Are you anxious, or are you stressed? Knowing the distinction can help you better understand and address your symptoms. But what are the differences between stress vs anxiety? Read on to find out more about stress and anxiety, and how your genes may play a role.
Life is full of stressful events – whether in a job, relationships, or a worldwide pandemic – there are plenty of stressful stimuli that we experience .
The question becomes, how can you recognize the difference between feeling nervous or anxious? What is the difference between stress and anxiety? It may be difficult initially to distinguish between the two. Let’s explore this idea here.
Stress and anxiety are often associated with each other, but they are not synonymous. Here’s a sneak peek at the answer for you: stress is an external reaction to an event, while anxiety is your internal reaction to the stress.
Stress usually dissipates when the eventful stimuli cease – like how you feel relief after completing a hard test in school. However, anxiety can manifest even when there is no harmful event present. Anxiety is characterized as a constant feeling of apprehension that can interfere with functions in your daily life .
Before explaining the difference between stress vs anxiety, it’s important to understand each condition separately.
Stress is a physiological response to an imminent threat, either physical or psychological . The body feels stress when homeostasis is disrupted. A physical stressor could be a car accident, where the threat of critical blood loss is immediate [2,3,4].
Research shows that one of the most impactful ways to reduce stress is a positive mindset. Proper perspective and positive thinking has been shown to minimize stress and even add years to your life [8,9,10]. This makes sense since stress has been linked to overall mortality and a shortened lifespan .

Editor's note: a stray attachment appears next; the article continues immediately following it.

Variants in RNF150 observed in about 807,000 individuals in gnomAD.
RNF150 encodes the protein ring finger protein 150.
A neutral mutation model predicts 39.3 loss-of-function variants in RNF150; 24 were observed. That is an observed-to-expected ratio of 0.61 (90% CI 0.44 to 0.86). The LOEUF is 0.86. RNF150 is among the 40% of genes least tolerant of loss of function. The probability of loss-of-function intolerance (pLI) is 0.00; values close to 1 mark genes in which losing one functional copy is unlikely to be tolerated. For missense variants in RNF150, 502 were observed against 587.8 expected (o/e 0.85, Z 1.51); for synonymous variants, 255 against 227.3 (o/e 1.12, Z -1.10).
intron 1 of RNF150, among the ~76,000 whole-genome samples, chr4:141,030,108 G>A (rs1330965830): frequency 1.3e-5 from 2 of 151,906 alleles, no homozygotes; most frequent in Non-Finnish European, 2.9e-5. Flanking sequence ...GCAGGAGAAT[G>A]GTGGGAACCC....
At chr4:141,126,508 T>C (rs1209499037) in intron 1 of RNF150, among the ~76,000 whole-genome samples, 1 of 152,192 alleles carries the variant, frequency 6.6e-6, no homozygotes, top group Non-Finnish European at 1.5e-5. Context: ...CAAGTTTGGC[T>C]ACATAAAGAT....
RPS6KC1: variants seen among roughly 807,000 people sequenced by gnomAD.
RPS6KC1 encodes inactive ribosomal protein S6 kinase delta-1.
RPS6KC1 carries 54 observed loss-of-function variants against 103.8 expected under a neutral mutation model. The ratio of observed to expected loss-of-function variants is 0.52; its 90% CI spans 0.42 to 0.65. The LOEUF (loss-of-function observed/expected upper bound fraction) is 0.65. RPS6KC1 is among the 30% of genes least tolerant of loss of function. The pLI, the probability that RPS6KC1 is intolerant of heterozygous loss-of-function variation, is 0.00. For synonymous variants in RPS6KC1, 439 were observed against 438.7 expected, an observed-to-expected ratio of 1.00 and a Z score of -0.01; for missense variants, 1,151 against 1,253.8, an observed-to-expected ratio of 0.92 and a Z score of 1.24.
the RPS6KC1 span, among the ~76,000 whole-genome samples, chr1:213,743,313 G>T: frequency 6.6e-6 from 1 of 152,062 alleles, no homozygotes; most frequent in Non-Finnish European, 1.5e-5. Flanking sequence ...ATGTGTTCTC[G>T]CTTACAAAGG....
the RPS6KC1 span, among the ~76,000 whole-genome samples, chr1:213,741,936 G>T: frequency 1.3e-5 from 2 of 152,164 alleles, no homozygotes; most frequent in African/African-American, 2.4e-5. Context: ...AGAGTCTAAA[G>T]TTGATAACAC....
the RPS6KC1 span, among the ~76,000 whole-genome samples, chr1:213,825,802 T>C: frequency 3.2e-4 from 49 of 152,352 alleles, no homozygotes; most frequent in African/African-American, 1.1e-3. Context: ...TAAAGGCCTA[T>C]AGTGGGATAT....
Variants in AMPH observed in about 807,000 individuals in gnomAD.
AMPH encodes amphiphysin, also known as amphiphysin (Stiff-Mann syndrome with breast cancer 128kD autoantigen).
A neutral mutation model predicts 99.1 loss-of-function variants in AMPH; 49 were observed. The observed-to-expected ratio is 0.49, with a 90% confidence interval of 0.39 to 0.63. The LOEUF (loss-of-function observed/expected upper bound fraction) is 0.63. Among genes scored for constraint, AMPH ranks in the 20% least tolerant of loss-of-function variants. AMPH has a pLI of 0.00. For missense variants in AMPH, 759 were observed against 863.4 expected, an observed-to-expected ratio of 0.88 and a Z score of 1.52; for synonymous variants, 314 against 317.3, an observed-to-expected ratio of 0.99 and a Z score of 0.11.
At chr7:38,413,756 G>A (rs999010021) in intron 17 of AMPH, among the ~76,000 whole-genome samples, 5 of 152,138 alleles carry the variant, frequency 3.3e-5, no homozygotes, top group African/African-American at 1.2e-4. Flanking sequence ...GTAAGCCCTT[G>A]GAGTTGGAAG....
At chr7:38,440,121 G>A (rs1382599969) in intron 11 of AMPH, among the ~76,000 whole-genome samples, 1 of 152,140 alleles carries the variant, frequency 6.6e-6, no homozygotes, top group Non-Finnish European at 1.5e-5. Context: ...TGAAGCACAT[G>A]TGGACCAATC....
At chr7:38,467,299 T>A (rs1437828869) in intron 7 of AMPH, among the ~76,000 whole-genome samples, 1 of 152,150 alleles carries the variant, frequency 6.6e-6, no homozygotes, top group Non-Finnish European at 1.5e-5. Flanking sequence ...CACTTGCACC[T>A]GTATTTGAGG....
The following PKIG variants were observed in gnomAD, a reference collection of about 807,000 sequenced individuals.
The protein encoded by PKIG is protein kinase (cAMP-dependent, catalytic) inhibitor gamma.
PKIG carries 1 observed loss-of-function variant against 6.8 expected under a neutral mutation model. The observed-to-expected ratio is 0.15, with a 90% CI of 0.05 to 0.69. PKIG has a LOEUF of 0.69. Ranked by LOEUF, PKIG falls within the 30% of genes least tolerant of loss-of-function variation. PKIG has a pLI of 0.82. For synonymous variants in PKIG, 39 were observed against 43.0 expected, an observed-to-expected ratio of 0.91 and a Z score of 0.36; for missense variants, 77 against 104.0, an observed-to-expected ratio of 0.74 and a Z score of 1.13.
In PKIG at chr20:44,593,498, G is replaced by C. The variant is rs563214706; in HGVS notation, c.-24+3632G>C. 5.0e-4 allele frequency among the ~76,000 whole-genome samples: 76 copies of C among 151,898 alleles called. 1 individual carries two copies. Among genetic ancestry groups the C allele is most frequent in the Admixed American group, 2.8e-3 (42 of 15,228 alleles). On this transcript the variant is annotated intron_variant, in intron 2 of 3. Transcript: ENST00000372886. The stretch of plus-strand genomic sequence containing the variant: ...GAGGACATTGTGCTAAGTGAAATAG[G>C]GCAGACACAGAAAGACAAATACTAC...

But when it comes to your susceptibility to stress and how well you respond to these stress-busting strategies, your genetics may play a role.
One gene that determines how we deal with stressful stimuli is OPRM1, which has been associated with pain relief. OPRM1 is a gene that encodes for an opioid receptor that interacts with both natural and medicinal opioids.
Activation of this gene promotes the release of dopamine and is a strong positive motivator for reward-seeking activities [12,13,14]. Variants in OPRM1 can be linked to poor stress management due to a change in cortisol reactivity of the receptor .
Now that we have covered stress, let’s take a closer look at anxiety.
Like we touched on earlier, anxiety is a mental disorder associated with emotional distress and a harmful situation that has a low probability of occurrence [5,16]. Anxiety is characterized as hypervigilance and overwhelming anticipation to a perceived threat.
Anxiety can either be a state or a persistent personality trait. State anxiety is an acute, temporary reaction that will subside over time. Trait anxiety is more considered part of someone’s personality and chronically present throughout their life [5,17].
Regardless, your genetics can play a role in anxiety. In fact, we know that 30-67% of the differences in people’s chances of getting anxiety can be due to their genetic makeup.
There is mounting evidence for a variety of genes that influence susceptibility for anxiety – we will talk about one here.